Step 2: Brainstorm Marketing Initiatives

Once you have a clear understanding of your objectives and target audience, it’s time to brainstorm potential marketing initiatives. Gather your team and ask them to contribute ideas for initiatives that align with your objectives. During this step, don’t limit your thinking to traditional marketing tactics. Encourage creative and outside-the-box thinking.

Step 3: Prioritize Initiatives

With a list of potential initiatives, it’s time to prioritize them. Consider factors such as impact, feasibility, and resources required for each initiative. Use this information to create a prioritized list of initiatives as high level tasks in your backlog. In a tool like Jira you can use Epics and the roadmap feature of your board to plan out your campaigns. Make sure to regularly review and adjust this list as your marketing landscape changes.

Step 4: Break Down Initiatives into Tasks

With your prioritized list of initiatives (Jira epics), it’s time to break them down into smaller, actionable tasks. For each initiative, identify the steps required to complete it and assign a responsible team member to each initiative. Make sure to consider dependencies between tasks.

Step 5: Assign Tasks to Team Members

With a clear list of tasks, it’s time to assign them to team members. Make sure each team member understands their responsibilities and has the necessary resources to complete their tasks. Use modern project management tools such as Jira, Trello or Asana to help manage your backlog and keep track of progress.

Step 6: Regularly Review and Update the Backlog

Your marketing landscape is constantly changing, so it’s important to regularly review and update your backlog. Consider using agile retrospectives to regularly reflect on your team’s progress and make adjustments to your backlog as needed.

Define sprints

Decide on the length of your sprints and establish a regular sprint schedule. It is important to stick to this schedule as closely as possible to ensure consistent progress.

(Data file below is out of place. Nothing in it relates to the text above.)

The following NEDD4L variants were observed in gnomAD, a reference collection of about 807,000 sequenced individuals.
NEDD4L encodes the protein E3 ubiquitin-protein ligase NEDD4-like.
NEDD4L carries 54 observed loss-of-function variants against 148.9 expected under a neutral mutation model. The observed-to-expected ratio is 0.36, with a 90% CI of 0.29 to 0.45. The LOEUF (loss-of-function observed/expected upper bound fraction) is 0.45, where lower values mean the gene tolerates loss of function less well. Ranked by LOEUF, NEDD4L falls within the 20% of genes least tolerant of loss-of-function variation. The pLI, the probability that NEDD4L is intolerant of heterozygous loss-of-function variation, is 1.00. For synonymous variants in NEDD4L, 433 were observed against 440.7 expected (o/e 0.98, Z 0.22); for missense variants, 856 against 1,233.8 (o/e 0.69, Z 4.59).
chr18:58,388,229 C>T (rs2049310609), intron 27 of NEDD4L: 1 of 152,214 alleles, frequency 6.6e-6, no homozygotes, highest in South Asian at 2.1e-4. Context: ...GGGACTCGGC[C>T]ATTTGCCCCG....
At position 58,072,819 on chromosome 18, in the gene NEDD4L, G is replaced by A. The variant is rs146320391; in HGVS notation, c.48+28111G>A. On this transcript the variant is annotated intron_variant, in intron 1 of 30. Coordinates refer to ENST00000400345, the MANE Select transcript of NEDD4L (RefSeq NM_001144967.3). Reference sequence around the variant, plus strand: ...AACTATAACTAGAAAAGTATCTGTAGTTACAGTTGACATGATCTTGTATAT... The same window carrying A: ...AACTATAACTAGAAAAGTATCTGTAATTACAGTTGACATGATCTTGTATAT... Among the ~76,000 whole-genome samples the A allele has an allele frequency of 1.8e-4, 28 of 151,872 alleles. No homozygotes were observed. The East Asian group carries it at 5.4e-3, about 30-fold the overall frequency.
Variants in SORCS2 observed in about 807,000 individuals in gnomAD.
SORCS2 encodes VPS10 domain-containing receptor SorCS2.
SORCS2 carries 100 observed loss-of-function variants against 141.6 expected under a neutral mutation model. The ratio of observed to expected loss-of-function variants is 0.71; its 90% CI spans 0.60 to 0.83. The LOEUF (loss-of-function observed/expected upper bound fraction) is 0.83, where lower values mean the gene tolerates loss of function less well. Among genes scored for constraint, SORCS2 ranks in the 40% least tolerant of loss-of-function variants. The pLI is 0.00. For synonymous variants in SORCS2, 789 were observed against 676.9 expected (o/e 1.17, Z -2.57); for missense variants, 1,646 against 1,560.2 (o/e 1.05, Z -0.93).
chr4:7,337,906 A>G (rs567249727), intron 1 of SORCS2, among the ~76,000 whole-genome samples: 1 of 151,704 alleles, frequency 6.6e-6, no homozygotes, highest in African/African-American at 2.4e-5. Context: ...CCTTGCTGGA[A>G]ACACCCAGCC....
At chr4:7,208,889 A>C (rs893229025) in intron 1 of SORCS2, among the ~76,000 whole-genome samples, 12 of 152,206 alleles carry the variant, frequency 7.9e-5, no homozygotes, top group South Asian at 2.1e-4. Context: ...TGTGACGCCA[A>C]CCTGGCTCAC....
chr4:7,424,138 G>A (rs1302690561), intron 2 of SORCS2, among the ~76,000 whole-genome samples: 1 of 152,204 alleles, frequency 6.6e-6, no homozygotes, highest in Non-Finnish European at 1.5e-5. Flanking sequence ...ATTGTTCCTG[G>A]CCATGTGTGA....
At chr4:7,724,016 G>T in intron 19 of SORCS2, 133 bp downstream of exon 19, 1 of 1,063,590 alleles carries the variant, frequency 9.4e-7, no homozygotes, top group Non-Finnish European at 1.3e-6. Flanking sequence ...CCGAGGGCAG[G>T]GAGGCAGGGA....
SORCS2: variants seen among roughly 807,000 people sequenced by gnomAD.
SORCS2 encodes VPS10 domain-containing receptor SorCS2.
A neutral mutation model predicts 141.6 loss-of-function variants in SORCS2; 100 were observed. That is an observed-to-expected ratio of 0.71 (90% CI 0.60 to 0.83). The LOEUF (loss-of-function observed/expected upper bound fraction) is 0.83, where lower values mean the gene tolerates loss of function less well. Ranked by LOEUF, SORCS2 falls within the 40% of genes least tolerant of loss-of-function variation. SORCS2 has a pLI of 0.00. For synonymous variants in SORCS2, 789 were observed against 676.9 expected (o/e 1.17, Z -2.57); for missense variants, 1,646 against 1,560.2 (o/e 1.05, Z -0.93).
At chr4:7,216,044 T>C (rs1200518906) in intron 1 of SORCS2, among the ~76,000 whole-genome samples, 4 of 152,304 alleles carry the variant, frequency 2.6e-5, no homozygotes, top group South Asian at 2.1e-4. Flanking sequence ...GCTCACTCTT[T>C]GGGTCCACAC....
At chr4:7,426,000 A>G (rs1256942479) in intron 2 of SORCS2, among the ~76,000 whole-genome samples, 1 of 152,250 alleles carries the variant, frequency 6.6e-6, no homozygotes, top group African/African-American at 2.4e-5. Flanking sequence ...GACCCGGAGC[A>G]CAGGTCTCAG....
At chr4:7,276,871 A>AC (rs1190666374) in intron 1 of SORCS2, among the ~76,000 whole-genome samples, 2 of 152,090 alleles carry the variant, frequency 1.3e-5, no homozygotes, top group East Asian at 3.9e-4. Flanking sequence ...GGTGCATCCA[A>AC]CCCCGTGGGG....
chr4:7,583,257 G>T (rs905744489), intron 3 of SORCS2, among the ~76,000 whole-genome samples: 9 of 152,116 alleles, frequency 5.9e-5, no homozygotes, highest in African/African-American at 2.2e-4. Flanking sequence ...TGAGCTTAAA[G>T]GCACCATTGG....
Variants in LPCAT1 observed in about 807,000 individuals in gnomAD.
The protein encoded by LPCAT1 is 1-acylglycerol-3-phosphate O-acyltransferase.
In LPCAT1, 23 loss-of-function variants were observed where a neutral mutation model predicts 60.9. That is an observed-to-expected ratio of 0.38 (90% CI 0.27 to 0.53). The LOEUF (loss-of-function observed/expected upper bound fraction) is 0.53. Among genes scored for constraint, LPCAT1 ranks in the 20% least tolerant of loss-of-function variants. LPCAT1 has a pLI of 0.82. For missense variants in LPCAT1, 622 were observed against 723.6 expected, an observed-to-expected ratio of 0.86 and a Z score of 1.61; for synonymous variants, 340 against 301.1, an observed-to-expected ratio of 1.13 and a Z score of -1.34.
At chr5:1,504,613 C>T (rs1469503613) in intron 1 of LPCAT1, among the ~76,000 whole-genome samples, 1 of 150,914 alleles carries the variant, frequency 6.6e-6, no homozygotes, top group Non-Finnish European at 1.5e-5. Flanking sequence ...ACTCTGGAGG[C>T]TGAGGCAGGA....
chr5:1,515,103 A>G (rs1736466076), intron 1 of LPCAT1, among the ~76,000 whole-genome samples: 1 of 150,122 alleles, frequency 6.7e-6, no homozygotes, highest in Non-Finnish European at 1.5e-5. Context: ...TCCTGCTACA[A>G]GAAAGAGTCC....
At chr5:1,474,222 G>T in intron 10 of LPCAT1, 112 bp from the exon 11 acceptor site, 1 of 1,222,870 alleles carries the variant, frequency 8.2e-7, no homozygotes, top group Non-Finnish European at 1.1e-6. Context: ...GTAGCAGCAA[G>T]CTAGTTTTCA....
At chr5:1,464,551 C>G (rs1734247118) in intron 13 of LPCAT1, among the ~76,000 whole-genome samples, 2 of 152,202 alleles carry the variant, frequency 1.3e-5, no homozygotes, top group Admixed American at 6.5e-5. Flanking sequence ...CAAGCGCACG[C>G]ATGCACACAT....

Plan the sprint

Sprint planning is an important part of agile methodology, allowing your marketing team to stay organized, prioritize high-impact tasks, and achieve your marketing objectives. By following these practical steps, you can create a flexible and effective sprint plan for your marketing team.

Step 1: Review the Product Backlog

Before sprint planning, it’s important to review the product backlog to understand what needs to be accomplished in the upcoming sprint. The product backlog is a prioritized list of tasks that need to be completed in order to achieve your marketing objectives. Consider any changes or updates to the backlog, and prioritize the tasks based on their importance and urgency.

Step 2: Set Sprint Goals

With a clear understanding of what needs to be accomplished, set specific sprint goals that align with your marketing objectives. Sprint goals should be specific, measurable, and achievable within the time frame of the sprint. Consider the workload of your team and the resources available, and set realistic goals that can be accomplished within the sprint.

Step 3: Identify Sprint Tasks

With clear sprint goals in place, it’s time to identify the specific tasks that need to be accomplished in order to meet these goals. Your prioritized backlog and your marketing roadmap serve as a basis for what to do next. During sprint planning the team creates a practical and realistic action plan for the next sprint.